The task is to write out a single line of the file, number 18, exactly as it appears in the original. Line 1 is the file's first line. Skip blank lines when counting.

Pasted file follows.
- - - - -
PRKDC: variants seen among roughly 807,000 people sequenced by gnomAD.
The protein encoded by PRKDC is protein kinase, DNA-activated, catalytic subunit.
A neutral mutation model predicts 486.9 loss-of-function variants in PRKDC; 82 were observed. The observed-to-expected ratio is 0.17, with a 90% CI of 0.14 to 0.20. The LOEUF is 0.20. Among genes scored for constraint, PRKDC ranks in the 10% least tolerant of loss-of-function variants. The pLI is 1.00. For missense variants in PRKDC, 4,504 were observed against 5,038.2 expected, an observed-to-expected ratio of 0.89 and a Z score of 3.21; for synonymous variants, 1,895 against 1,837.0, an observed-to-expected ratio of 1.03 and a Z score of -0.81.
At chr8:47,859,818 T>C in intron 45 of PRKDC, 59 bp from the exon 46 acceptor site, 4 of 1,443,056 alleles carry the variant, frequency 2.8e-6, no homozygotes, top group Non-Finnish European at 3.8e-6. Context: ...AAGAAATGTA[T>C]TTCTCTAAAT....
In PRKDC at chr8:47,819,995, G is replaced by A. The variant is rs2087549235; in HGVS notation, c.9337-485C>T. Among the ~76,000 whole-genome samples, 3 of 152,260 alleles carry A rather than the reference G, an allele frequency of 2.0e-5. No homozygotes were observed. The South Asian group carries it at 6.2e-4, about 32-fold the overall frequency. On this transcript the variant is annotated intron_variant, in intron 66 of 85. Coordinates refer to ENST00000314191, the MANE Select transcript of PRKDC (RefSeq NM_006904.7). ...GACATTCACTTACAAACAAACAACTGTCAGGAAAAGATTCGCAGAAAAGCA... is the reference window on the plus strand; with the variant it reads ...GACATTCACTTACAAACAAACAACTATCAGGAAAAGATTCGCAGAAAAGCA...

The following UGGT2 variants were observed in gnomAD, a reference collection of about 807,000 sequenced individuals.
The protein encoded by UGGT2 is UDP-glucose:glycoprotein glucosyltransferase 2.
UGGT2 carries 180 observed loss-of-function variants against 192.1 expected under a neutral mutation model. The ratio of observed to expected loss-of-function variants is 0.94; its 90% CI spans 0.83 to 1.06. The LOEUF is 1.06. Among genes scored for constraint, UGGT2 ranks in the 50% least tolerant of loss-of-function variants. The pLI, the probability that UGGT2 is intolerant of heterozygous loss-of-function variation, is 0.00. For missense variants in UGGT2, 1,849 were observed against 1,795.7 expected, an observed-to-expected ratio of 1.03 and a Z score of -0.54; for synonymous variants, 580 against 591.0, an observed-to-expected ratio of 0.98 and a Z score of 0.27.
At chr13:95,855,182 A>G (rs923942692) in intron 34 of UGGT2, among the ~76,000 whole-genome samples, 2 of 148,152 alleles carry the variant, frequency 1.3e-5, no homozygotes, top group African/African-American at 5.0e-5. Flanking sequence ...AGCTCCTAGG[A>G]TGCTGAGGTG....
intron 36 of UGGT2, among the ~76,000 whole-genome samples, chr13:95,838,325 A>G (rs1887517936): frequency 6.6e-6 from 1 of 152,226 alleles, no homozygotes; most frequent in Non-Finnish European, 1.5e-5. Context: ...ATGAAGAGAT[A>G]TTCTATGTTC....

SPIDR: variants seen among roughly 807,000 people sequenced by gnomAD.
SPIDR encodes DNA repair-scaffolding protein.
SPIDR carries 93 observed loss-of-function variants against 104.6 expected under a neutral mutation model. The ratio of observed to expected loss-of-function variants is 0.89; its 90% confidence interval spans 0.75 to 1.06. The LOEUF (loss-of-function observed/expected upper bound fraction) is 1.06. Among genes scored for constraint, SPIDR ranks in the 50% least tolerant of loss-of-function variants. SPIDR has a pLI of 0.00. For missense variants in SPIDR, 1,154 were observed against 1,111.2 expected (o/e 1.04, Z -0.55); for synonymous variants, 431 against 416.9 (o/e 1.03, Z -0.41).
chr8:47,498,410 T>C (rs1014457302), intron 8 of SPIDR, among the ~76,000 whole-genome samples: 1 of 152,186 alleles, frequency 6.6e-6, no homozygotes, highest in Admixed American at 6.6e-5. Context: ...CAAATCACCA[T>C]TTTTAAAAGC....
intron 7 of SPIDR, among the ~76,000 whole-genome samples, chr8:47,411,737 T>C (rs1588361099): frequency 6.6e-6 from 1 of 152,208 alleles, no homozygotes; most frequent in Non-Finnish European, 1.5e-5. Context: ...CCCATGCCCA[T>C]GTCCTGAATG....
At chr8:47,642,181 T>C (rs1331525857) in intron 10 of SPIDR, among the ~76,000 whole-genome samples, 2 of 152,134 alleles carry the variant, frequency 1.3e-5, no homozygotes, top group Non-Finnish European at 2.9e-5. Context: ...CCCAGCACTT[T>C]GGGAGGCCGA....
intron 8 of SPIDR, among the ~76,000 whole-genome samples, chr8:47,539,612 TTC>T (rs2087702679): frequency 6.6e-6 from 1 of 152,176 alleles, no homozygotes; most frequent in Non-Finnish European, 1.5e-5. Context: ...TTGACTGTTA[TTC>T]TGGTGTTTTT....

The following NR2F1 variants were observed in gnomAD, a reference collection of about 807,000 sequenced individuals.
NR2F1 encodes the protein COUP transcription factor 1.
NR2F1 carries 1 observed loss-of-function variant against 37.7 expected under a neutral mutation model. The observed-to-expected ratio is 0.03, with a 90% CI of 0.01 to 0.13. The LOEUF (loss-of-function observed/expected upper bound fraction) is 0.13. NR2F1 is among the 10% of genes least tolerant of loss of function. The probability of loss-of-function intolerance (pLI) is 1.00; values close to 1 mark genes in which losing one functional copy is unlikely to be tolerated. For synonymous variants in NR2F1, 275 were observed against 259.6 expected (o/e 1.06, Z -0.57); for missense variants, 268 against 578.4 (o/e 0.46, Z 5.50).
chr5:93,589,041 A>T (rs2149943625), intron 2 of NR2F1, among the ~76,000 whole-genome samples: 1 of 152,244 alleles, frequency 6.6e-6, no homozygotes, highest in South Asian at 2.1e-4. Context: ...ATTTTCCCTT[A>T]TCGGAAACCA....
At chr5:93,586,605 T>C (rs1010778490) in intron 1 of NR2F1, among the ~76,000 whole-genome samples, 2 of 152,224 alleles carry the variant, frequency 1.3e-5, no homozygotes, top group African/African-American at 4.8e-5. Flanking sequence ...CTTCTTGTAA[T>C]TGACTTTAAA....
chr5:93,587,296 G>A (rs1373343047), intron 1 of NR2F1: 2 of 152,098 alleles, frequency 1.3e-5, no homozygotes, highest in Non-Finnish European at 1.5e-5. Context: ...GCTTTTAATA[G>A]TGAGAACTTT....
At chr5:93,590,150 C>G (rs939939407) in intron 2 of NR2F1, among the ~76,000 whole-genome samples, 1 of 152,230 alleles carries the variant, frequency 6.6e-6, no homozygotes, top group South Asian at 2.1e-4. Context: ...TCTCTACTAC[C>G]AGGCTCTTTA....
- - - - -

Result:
The following NR2F1 variants were observed in gnomAD, a reference collection of about 807,000 sequenced individuals.